The inaugural eDelivery Expo took place on 25-26 March 201 5at Birmingham’s NEC. Emma Herrod, executive editor of both eDelivery and InternetRetailing was on hand to report on the show. This recap of last year’s event is a great indicator of what we have to look forward to at EDX16 in just four weeks time.
The eDelivery Expo brought together the front end of ecommerce and retail with their operations colleagues with the inaugural eDelivery Expo running alongside the InternetRetailing Expo (IRX) which is now in its fifth year.
Retailers from Amazon, Dixons Carphone, Groupon, Carrefour, Tesco, John Lewis, Deckers, Shop Direct, Mondelez and Wayfair all took to the podium in the eDelivery Conference which ran across both days of the Expo.
Maxim Romain, general manager of Wayfair Europe explained how the online retailer of furniture and homewares is currently making significant investments in Europe.
“We have ambitions to start trading in more countries,” he told Sean Fleming, editor of eDelivery prior to the event. “An important first step will be the creation of a Europe-wide freight network that can take products from one place in Europe and deliver them anywhere else. Once we have that in place our goal is to open in multiple European countries by leveraging the same infrastructure, freight network and suppliers,” he said.
In a panel discussion on fulfilling customer expectations in the final mile, speakers from Tesco, John Lewis and French association FEVAD agreed that customer experience and communication is more important than speed and convenience. “The longer the lead times, the more you have to communicate with customers,” they said.
If something’s going to go wrong, it’s far better to phone the customer and tell them, explained Edward Osborne, head of dropship operations, Tesco.com. In the run up to Christmas, for example, his team watched every dropship order and in one case watched minute by minute to ensure that a Christmas Eve delivery of an ‘Elsa dress’ arrived with the customer on time. Of all the orders delivered, “27 did not go right and everyone knew on time and we were able to help them,” said Osborne.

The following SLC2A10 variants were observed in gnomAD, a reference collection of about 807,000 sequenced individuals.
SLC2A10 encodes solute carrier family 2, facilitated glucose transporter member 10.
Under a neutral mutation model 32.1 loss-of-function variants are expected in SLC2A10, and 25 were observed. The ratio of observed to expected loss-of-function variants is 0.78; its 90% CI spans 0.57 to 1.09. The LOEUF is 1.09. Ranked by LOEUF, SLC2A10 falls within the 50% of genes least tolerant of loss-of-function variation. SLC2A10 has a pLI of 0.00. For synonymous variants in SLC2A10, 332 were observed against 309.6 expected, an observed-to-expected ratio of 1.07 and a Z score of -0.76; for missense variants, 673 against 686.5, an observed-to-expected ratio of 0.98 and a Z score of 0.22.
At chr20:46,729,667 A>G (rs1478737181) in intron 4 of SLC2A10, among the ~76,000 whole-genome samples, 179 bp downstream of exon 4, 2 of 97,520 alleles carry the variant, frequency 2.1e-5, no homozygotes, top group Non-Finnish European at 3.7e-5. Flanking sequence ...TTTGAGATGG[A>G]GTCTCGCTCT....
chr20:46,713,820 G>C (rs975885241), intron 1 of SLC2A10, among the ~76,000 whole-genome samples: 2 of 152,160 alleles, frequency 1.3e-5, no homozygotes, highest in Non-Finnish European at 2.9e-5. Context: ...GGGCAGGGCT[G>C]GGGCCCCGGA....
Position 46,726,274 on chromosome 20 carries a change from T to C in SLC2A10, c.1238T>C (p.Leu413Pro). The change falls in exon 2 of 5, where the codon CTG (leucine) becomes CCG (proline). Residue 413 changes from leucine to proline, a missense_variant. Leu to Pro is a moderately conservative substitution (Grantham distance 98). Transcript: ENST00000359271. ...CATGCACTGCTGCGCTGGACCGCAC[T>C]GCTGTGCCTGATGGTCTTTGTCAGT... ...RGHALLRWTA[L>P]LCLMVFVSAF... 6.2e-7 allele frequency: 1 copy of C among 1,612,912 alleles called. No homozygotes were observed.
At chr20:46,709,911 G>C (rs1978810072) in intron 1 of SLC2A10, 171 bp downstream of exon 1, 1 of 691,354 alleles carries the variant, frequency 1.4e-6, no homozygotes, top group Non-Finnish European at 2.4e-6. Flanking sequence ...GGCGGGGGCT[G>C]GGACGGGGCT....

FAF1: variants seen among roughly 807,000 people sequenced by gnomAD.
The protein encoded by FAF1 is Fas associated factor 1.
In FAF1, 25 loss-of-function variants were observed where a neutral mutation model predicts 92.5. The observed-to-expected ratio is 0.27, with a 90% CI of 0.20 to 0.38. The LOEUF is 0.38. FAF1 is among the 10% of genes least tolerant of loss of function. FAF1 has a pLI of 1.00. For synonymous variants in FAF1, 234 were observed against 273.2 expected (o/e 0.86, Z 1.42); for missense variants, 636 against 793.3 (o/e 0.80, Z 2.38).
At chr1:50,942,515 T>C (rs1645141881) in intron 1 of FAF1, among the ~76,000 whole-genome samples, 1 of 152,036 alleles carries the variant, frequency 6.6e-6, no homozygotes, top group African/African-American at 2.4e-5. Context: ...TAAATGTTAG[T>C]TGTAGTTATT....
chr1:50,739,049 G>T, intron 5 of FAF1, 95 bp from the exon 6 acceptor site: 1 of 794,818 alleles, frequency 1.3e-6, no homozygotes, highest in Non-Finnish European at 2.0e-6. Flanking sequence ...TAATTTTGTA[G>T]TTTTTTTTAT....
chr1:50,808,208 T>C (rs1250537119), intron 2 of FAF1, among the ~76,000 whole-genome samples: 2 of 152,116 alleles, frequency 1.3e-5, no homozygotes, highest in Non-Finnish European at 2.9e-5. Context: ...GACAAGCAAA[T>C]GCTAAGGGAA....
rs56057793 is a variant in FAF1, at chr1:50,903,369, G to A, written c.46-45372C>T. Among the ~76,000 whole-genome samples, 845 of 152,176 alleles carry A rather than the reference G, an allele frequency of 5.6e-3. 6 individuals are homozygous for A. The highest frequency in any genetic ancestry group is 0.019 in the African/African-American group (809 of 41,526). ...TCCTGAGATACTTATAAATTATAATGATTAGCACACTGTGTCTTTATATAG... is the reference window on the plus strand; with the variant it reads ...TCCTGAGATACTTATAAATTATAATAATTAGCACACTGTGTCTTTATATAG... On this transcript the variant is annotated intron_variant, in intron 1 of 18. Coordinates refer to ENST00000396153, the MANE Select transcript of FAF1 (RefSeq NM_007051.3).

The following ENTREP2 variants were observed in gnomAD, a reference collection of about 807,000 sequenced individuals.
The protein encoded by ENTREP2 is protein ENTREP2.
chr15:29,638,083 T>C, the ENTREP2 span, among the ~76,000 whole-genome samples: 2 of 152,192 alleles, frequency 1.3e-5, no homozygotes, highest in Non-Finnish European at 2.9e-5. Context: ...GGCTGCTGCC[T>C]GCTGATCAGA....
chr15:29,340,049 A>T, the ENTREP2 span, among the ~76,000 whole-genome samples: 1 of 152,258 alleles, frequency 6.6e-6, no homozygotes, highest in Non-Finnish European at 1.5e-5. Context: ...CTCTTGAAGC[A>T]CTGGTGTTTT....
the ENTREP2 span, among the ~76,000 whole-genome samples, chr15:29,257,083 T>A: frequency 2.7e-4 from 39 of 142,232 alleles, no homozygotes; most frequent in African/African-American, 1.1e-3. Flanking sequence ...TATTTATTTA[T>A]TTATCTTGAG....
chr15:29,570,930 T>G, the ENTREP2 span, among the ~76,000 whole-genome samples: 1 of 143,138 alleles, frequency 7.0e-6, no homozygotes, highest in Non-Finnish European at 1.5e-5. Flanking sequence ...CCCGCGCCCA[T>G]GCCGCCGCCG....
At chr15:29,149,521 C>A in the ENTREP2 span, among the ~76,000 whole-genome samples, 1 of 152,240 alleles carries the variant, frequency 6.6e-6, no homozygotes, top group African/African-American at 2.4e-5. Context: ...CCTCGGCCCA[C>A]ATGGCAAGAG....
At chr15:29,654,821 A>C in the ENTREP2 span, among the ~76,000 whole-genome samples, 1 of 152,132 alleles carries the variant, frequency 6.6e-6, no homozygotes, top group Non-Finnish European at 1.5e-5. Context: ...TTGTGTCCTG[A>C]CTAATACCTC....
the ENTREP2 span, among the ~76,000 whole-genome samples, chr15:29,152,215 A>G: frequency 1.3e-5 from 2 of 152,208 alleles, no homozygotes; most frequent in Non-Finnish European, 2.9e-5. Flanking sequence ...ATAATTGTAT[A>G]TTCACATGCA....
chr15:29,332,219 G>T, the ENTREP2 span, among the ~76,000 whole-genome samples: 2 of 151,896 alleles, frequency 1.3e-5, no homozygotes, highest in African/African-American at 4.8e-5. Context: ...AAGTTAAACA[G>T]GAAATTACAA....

Damian May, senior manager – customer delivery, John Lewis agreed. “Our first point resolution has to be spot on,” he told delegates.
While discussing the phenomena of Black Friday 2014, May admitted that “it was a challenge”. Some 20% of click-and-collect orders on that day came from in-house partners. At Tesco “returns were ridiculous,” said Osborne. He cited the situation with TVs; what is the point of discounting TVs which when people got them home discovered that someone had put their knee through the screen. Looking further ahead, May believes that returns will be the game changer in the next 12-18 months.
The second day of the conference was keynoted by John Munnelly, head of operations at John Lewis. Outlining the history of the retailer’s NDC, he explained how the company’s plans in 2005 revolved around a strategy of 10 in 10; 10 more department stores opened over 10 years with a “dusting” of ecommerce which would amount to £300m by 2017!
The company has managed to “keep our nose ahead” of the changes in the industry, firstly through the “defining decision by the board was to build the capacity bigger than necessary with the ability to scale,” he told delegates.
Staff are now used to expansions each January through the addition of mezzanine levels, for example and a second building in April last year.
Flexibility through the mixture of automation and manual processes has also helped. While the automated part of the DC continues 24/7 throughout the year, a number of manual pack stations can be brought into operation at peak times and then mothballed again when not required. The company brought in 1,200 agency staff at peak last year.